Vaginismus is not triggered deliberately or intentionally by women. It happens involuntarily without their intentional control and often without any awareness on their part. Vaginismus has a variety of causes, often in response to a combination of physical or emotional factors. The mystery of the problem can be very frustrating and distressing for both women and their partners.
Can vaginismus be confused with other pain syndromes?
How is vaginismus treated?
The goal of treatment for vaginismus is to eliminate painful sex.
Treatment usually involves the use of vaginal dilators to relax and stretch or re-stretch the vaginal muscles. The goal with dilation is to retrain the tight vaginal muscle to respond differently to the anticipation of penetration. Slow, systematic, progressive dilation, will help connect the body and mind, to take conscious control of the vaginal muscles, so involuntary tightness no longer occurs.
Additional treatment may involve increasing lubrication through topical creams, using hormone therapy, muscle relaxant suppositories and pelvic floor physical therapy. There are times when anti-anxiety medication is introduced to aid in the treatment.
For cases of vaginismus where a patient is unsuccessful after treatment with dilators and coaching, and in cases where a patient is extremely fearful of standard treatment, we use the vaginismus treatment under anesthesia, a procedure with a very high success rate, pioneered by Peter Pacik, MD. Contact us for a free phone consultation to learn more. While the treatment is a more involved procedure, resolution is fast and permanent.
Lastly, it always makes sense to explore any psychological factors that may be contributing to the condition.
What are the emotional issues that come up when dealing with vaginismus?
Here are some things we’ve learned from our patients over the years:
As you overcome the vaginismus, learning to control the muscle spasms, manage the pain, you start to let go of some of the fear and terror of the pain. As you start to accept that your body is normal, you might start feeling angry because:
- You can’t believe people are making you change. On some level facing this issue was a decision you made, but sometimes you might feel like “Damn it, I was fine the way I was before.” I don’t want to have to be like everyone else! I don’t want to change the way I am in order to have a relationship. I was fine, fine, fine and I don’t want to give up who I am!”
- You might feel scared that now you will be expected to do something you haven’t done before. For example, if you’ve been avoiding dating because of your vaginismus, you might now feel like suddenly your last excuse to yourself is gone and now what? Now you have to start dating. If you are in a relationship you might feel pressured to have intercourse now that you “can,” and you don’t feel ready.
- You might feel furious at yourself for waiting so long to get treatment, especially if it feels as though the treatment was less traumatic than you expected and less work.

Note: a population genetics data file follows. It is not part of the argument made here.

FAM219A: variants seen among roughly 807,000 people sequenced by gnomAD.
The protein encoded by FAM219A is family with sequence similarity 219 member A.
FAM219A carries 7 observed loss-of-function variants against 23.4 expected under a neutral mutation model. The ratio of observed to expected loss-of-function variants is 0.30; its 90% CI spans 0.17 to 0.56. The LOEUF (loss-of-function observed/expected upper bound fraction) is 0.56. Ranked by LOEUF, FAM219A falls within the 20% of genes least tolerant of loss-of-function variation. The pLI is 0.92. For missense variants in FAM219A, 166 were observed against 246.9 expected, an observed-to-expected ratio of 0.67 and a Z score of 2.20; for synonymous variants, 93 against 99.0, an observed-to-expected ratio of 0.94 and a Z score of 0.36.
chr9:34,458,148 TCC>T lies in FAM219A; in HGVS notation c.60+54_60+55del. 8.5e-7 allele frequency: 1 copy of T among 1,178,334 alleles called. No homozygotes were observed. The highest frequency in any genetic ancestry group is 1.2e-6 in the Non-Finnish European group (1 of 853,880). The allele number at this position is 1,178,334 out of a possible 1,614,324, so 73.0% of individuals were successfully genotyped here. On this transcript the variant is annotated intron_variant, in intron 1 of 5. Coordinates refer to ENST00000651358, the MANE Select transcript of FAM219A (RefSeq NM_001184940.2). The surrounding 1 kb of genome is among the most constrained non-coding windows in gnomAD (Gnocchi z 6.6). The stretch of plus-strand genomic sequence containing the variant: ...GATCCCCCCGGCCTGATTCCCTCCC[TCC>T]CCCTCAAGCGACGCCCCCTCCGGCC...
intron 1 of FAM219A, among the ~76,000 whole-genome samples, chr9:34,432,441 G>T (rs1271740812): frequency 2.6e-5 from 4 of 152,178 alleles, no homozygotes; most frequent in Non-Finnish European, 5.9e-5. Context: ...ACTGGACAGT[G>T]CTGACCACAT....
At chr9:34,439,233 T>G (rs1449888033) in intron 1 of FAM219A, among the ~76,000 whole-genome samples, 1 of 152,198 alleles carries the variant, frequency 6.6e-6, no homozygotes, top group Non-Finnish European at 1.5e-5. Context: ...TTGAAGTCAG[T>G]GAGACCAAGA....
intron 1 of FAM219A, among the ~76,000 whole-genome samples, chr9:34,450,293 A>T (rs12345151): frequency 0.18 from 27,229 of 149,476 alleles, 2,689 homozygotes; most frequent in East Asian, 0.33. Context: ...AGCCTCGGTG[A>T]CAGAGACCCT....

- You might feel angry that treatment is taking so long and is so much work. First of all, have some patience with yourself. Changing your vagina is a big deal. You are not crazy. Try to get a handle on what is going on with yourself, and accept that the road might be a bit bumpy.
Now, here are some things to think about. Focus on the ones that resonate with you. Everyone is different and the things that bother (or help) one person might well not bother (or help) you. So think about which of these ideas might make you feel better:
- You don’t have to change one little thing about the rest of your life just because you can. Fixing the vaginismus does not mean you have to start dating, get into a relationship or start having intercourse. It means you CAN change those things if you want to, and if you do decide that those are things you want, you can make a decision, either by yourself or with the help of a therapist to change those things. One is not necessarily a byproduct of the other and you are, in the end, the only one who really has control over those secondary changes.
- See if the anger is really turned inward and try to take the time to see what exactly you’re blaming yourself for. You didn’t ask for things to be this way and you couldn’t really control the outcome. Vaginismus is not something we “make happen to our bodies” or that we are responsible for creating. It’s not our fault.
- If you’re angry at how long it took for you to seek help, yes, maybe you could have gone for help sooner but let’s be honest, finding help for this kind of problem is complicated and scary. It’s not so straightforward. As much as possible, you should give yourself credit for having gotten help now. So if you’re blaming yourself for having waited this long, letting the problem overtake your life or ignoring it, realize that’s a fairly normal response and try to appreciate where you are now rather than what’s behind you.
- Try to share your fears and concerns and anger with your health practitioner. We can handle it. And it’s much, much easier for us to help you if you’re honest with how you’re feeling, even if what you’re feeling is anger at how long the whole damn process is taking!
Out of Town Vaginismus Treatment
If you don’t live in the NY, NJ, CT area, please don’t despair. We treat dozens of women who suffer from Vaginismus, but live far away. Learn more about our vaginismus treatment options for out of town patients.
In A Patient’s Own Words:
“Four years ago, I was married and began my sexual life. That’s when my problem started. Every time we tried having intercourse, it didn’t work out. I couldn’t even insert my finger or a tampon into my vagina.
I went to see a hypnotist, a physical therapist and had a special massage, but nothing helped. Everyone told me that the problem was all in my head! Then I heard about Maze Women’s Sexual Health. I called them right away but didn’t make an appointment. I was so afraid that like the previous services I tried, they would not be able to help me. A few months later, I decided enough was enough and called to schedule an appointment.
My husband came with me to the first appointment because I was so nervous and embarrassed by my problem. I thought that I was the only one with such an issue but then I found out that a lot of women experience this.
At Maze Women’s Sexual Health, they explained to me what my problem was and discussed treatment. I started using a small dilator and was surprised that I could actually insert it into my vagina! I continued the exercises every night, going from size extra small to large plus. After 2 months, I was ready for intercourse. I was crying because I couldn’t believe it was finally going to happening.
Maze changed our lives. My husband and I are much closer now. I want to thank Melissa and Rachel for everything they have done for us. And if you have the same problem, please don’t wait, schedule an appointment. This place is amazing!”
– I, Age 21